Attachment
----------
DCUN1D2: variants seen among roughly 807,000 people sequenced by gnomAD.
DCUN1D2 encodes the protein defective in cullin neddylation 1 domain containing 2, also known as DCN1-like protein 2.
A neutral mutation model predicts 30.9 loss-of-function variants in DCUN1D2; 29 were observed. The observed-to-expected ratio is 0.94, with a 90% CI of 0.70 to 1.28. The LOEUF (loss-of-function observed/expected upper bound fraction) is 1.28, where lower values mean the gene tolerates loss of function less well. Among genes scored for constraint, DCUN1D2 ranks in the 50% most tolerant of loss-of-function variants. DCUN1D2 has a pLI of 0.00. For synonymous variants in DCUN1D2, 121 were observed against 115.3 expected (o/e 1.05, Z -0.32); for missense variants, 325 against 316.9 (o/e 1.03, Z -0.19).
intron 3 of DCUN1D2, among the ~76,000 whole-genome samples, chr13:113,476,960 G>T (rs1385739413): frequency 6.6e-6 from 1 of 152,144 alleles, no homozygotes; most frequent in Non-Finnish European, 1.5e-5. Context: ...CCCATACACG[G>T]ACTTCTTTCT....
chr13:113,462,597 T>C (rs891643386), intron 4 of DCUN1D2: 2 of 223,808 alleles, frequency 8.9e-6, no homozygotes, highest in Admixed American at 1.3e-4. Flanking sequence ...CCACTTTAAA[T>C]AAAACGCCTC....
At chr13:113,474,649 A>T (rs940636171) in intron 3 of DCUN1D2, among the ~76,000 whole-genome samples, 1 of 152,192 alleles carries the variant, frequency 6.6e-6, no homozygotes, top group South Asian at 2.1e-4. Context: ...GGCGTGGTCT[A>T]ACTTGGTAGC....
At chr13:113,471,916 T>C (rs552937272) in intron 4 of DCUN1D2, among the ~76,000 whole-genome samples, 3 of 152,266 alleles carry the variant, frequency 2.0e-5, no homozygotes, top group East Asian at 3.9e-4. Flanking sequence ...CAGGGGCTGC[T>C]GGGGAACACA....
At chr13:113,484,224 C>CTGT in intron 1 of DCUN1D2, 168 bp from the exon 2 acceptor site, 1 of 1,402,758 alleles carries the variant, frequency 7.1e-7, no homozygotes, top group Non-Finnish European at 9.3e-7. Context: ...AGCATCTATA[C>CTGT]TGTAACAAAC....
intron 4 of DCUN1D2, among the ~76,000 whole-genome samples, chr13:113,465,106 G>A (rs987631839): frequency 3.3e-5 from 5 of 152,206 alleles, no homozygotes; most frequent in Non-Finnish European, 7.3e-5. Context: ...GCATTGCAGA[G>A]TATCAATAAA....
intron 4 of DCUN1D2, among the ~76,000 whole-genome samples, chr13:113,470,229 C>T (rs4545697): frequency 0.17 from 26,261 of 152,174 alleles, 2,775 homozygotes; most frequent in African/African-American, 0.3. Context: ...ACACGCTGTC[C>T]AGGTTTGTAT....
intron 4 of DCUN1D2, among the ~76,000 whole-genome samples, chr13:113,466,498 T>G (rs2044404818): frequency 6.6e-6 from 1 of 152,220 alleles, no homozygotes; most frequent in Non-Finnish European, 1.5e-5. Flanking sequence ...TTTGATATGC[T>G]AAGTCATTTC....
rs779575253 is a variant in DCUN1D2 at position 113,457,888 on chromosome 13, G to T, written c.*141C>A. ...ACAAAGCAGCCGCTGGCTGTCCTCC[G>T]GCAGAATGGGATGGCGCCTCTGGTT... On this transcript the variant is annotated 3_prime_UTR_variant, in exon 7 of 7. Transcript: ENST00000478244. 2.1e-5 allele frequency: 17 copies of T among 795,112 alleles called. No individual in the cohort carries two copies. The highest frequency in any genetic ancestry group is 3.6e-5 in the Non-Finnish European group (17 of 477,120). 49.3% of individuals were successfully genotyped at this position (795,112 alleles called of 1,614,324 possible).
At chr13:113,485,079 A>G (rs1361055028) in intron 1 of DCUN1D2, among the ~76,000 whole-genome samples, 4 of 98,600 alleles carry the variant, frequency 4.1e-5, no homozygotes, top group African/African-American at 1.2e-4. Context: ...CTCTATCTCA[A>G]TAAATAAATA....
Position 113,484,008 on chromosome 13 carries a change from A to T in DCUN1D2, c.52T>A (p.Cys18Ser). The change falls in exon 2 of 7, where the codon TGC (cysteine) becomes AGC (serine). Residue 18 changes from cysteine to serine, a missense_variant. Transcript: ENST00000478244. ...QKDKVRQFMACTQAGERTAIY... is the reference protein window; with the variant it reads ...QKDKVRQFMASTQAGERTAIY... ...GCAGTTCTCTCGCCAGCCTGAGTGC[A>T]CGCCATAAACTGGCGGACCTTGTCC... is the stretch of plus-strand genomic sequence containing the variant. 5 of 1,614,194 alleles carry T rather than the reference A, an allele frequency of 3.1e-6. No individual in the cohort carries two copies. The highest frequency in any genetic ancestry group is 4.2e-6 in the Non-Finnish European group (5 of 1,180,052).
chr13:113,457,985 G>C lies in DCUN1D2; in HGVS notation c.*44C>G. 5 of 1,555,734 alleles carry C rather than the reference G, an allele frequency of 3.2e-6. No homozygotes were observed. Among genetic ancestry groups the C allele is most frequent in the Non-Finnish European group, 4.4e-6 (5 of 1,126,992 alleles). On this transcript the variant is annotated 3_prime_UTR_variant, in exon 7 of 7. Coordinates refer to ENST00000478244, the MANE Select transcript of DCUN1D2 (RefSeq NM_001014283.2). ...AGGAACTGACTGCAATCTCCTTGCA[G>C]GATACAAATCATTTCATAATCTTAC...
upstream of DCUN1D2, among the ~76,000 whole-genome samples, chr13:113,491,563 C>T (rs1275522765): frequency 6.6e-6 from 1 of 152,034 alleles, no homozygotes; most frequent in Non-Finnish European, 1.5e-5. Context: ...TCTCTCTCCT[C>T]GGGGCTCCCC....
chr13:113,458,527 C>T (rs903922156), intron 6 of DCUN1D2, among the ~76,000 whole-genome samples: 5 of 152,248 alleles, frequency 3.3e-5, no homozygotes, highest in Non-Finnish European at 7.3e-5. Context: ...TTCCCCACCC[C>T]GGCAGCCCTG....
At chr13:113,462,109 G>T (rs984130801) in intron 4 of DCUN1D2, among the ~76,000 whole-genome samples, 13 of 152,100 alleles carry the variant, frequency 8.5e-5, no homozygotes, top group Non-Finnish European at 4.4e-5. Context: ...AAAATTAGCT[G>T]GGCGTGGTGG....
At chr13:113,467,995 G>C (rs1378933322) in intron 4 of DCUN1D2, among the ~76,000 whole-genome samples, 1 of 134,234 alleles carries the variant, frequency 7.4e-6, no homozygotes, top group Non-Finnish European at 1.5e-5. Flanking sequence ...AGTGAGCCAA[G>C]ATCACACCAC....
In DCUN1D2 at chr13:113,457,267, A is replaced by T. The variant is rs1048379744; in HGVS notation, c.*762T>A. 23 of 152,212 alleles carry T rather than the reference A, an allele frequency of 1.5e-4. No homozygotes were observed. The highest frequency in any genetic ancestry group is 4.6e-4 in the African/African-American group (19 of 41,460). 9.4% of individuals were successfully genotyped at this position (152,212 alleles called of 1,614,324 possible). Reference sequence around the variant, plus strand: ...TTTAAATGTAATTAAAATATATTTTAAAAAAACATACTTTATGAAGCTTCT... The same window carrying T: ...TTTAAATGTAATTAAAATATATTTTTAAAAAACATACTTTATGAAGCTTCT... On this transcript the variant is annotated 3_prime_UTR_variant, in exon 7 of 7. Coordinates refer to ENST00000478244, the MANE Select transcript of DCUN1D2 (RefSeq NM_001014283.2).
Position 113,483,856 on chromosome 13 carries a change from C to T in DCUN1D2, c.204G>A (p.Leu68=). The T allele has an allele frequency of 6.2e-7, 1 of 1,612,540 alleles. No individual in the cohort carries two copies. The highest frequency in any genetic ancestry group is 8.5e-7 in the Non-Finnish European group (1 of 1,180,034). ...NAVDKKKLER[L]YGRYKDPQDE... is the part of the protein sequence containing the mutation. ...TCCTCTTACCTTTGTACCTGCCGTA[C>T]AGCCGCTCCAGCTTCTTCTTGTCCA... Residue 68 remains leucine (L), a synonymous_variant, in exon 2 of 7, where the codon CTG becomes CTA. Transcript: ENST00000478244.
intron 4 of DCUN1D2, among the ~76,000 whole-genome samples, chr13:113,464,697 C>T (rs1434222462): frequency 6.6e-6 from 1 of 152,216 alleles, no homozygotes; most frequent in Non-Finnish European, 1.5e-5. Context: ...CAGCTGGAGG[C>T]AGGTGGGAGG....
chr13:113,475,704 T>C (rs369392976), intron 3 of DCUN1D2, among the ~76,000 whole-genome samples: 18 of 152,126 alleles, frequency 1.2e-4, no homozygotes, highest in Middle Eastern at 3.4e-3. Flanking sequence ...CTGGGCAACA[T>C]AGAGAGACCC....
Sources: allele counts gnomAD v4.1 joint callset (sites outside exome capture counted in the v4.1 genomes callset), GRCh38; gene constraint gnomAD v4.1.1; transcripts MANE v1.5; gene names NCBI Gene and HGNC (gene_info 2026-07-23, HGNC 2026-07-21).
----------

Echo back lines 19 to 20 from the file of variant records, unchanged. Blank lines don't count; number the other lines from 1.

At chr13:113,467,995 G>C (rs1378933322) in intron 4 of DCUN1D2, among the ~76,000 whole-genome samples, 1 of 134,234 alleles carries the variant, frequency 7.4e-6, no homozygotes, top group Non-Finnish European at 1.5e-5. Flanking sequence ...AGTGAGCCAA[G>C]ATCACACCAC....
In DCUN1D2 at chr13:113,457,267, A is replaced by T. The variant is rs1048379744; in HGVS notation, c.*762T>A. 23 of 152,212 alleles carry T rather than the reference A, an allele frequency of 1.5e-4. No homozygotes were observed. The highest frequency in any genetic ancestry group is 4.6e-4 in the African/African-American group (19 of 41,460). 9.4% of individuals were successfully genotyped at this position (152,212 alleles called of 1,614,324 possible). Reference sequence around the variant, plus strand: ...TTTAAATGTAATTAAAATATATTTTAAAAAAACATACTTTATGAAGCTTCT... The same window carrying T: ...TTTAAATGTAATTAAAATATATTTTTAAAAAACATACTTTATGAAGCTTCT... On this transcript the variant is annotated 3_prime_UTR_variant, in exon 7 of 7. Coordinates refer to ENST00000478244, the MANE Select transcript of DCUN1D2 (RefSeq NM_001014283.2).